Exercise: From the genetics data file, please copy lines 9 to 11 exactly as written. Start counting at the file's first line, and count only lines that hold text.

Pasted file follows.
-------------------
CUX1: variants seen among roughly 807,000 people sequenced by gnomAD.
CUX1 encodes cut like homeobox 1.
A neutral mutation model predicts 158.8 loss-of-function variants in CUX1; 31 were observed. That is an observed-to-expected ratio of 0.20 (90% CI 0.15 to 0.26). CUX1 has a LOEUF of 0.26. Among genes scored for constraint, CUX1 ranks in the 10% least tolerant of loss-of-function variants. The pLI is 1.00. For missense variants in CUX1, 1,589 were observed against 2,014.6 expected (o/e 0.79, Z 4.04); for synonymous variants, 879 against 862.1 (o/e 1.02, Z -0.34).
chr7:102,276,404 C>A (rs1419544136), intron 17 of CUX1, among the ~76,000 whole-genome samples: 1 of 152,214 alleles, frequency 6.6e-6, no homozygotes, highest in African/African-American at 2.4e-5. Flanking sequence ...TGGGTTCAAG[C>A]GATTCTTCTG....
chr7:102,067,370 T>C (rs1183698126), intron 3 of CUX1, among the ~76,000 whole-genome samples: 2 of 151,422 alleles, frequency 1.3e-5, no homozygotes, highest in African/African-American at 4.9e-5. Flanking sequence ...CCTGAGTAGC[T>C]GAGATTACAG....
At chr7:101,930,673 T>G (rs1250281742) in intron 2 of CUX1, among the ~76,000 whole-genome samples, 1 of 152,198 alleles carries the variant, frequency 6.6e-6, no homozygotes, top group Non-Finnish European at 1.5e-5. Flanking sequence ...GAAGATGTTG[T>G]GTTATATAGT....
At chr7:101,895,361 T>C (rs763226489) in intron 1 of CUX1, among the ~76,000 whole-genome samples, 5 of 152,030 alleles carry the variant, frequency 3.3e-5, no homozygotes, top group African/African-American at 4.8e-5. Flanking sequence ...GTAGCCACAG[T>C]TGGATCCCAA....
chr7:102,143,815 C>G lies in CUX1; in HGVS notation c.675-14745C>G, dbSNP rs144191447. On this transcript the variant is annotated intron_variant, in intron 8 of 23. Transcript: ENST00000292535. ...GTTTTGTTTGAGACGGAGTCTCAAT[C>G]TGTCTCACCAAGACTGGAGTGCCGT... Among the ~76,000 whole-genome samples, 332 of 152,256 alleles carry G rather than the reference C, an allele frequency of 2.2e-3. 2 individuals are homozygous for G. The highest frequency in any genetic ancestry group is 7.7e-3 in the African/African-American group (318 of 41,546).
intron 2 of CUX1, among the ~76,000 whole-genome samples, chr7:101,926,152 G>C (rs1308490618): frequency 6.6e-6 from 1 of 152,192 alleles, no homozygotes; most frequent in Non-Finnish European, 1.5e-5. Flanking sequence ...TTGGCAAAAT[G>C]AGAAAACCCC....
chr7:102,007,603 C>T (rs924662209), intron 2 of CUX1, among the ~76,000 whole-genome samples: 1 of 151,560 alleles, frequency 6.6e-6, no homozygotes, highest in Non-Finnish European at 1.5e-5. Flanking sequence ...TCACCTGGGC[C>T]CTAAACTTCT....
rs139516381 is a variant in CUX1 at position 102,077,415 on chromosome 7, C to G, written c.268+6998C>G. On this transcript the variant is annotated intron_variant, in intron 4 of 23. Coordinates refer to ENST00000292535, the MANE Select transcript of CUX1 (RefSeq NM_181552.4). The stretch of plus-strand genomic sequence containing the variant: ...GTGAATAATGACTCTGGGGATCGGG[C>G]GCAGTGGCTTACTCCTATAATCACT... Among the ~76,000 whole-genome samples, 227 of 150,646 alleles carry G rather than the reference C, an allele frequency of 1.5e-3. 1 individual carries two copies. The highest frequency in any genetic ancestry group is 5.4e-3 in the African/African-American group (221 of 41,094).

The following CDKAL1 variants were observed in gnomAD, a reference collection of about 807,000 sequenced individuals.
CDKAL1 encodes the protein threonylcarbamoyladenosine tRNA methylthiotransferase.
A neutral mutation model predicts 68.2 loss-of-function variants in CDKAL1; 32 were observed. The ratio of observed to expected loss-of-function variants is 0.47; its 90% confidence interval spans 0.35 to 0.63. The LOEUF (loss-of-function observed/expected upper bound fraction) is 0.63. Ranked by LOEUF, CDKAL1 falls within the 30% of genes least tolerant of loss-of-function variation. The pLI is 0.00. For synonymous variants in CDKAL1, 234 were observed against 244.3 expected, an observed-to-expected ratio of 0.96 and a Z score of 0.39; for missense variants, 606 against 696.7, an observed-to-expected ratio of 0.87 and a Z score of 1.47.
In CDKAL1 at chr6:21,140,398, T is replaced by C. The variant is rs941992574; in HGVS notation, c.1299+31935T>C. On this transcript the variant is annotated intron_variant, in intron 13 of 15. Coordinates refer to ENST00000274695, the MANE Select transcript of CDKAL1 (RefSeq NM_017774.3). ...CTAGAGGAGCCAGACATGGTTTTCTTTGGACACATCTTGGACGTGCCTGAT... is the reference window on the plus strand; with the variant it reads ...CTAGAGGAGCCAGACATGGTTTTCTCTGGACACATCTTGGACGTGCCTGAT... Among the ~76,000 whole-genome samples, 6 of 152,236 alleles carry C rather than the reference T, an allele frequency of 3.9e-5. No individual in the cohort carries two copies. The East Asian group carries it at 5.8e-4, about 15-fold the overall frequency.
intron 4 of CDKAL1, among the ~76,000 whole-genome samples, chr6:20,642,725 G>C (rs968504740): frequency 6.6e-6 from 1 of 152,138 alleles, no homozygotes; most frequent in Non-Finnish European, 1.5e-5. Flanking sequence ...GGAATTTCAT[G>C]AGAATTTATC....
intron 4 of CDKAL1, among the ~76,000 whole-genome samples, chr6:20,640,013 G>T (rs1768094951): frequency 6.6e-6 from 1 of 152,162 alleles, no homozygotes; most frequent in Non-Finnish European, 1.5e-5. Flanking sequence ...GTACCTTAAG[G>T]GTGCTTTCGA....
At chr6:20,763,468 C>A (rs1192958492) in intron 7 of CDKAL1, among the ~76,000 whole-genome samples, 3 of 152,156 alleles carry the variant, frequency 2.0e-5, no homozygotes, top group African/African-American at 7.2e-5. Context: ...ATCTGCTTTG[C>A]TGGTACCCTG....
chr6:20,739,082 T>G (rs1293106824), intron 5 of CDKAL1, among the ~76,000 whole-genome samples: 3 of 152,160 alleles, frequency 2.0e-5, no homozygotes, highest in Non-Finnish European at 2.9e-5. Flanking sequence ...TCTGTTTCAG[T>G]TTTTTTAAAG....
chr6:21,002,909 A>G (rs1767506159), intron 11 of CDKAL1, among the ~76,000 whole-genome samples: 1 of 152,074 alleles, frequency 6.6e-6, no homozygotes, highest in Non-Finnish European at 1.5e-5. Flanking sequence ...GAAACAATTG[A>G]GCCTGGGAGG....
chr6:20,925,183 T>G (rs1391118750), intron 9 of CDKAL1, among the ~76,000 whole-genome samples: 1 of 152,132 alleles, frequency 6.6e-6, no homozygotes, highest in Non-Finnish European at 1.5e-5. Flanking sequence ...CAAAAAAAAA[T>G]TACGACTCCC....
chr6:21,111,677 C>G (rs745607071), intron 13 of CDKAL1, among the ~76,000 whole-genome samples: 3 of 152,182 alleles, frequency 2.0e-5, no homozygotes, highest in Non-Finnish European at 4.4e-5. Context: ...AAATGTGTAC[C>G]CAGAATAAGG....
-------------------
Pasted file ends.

intron 2 of CUX1, among the ~76,000 whole-genome samples, chr7:101,926,152 G>C (rs1308490618): frequency 6.6e-6 from 1 of 152,192 alleles, no homozygotes; most frequent in Non-Finnish European, 1.5e-5. Flanking sequence ...TTGGCAAAAT[G>C]AGAAAACCCC....
chr7:102,007,603 C>T (rs924662209), intron 2 of CUX1, among the ~76,000 whole-genome samples: 1 of 151,560 alleles, frequency 6.6e-6, no homozygotes, highest in Non-Finnish European at 1.5e-5. Flanking sequence ...TCACCTGGGC[C>T]CTAAACTTCT....
rs139516381 is a variant in CUX1 at position 102,077,415 on chromosome 7, C to G, written c.268+6998C>G. On this transcript the variant is annotated intron_variant, in intron 4 of 23. Coordinates refer to ENST00000292535, the MANE Select transcript of CUX1 (RefSeq NM_181552.4). The stretch of plus-strand genomic sequence containing the variant: ...GTGAATAATGACTCTGGGGATCGGG[C>G]GCAGTGGCTTACTCCTATAATCACT... Among the ~76,000 whole-genome samples, 227 of 150,646 alleles carry G rather than the reference C, an allele frequency of 1.5e-3. 1 individual carries two copies. The highest frequency in any genetic ancestry group is 5.4e-3 in the African/African-American group (221 of 41,094).